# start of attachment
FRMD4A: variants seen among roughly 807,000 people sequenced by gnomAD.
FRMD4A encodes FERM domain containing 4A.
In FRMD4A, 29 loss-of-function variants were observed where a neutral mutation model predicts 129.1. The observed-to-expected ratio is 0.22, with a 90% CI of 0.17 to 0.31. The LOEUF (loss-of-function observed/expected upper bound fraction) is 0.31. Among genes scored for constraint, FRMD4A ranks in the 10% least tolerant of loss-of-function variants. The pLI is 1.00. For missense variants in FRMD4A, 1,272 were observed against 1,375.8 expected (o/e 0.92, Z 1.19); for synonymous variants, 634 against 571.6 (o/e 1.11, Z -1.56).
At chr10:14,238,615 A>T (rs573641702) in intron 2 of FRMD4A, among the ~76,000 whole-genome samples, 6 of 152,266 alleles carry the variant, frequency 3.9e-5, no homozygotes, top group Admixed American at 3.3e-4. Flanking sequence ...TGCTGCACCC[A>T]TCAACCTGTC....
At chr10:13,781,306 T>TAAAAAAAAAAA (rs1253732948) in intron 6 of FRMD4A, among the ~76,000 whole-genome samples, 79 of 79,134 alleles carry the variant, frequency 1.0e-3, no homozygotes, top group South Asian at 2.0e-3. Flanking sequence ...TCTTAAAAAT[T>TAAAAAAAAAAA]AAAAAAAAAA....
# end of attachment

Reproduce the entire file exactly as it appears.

FRMD4A: variants seen among roughly 807,000 people sequenced by gnomAD.
FRMD4A encodes FERM domain containing 4A.
In FRMD4A, 29 loss-of-function variants were observed where a neutral mutation model predicts 129.1. The observed-to-expected ratio is 0.22, with a 90% CI of 0.17 to 0.31. The LOEUF (loss-of-function observed/expected upper bound fraction) is 0.31. Among genes scored for constraint, FRMD4A ranks in the 10% least tolerant of loss-of-function variants. The pLI is 1.00. For missense variants in FRMD4A, 1,272 were observed against 1,375.8 expected (o/e 0.92, Z 1.19); for synonymous variants, 634 against 571.6 (o/e 1.11, Z -1.56).
At chr10:14,238,615 A>T (rs573641702) in intron 2 of FRMD4A, among the ~76,000 whole-genome samples, 6 of 152,266 alleles carry the variant, frequency 3.9e-5, no homozygotes, top group Admixed American at 3.3e-4. Flanking sequence ...TGCTGCACCC[A>T]TCAACCTGTC....
At chr10:13,781,306 T>TAAAAAAAAAAA (rs1253732948) in intron 6 of FRMD4A, among the ~76,000 whole-genome samples, 79 of 79,134 alleles carry the variant, frequency 1.0e-3, no homozygotes, top group South Asian at 2.0e-3. Flanking sequence ...TCTTAAAAAT[T>TAAAAAAAAAAA]AAAAAAAAAA....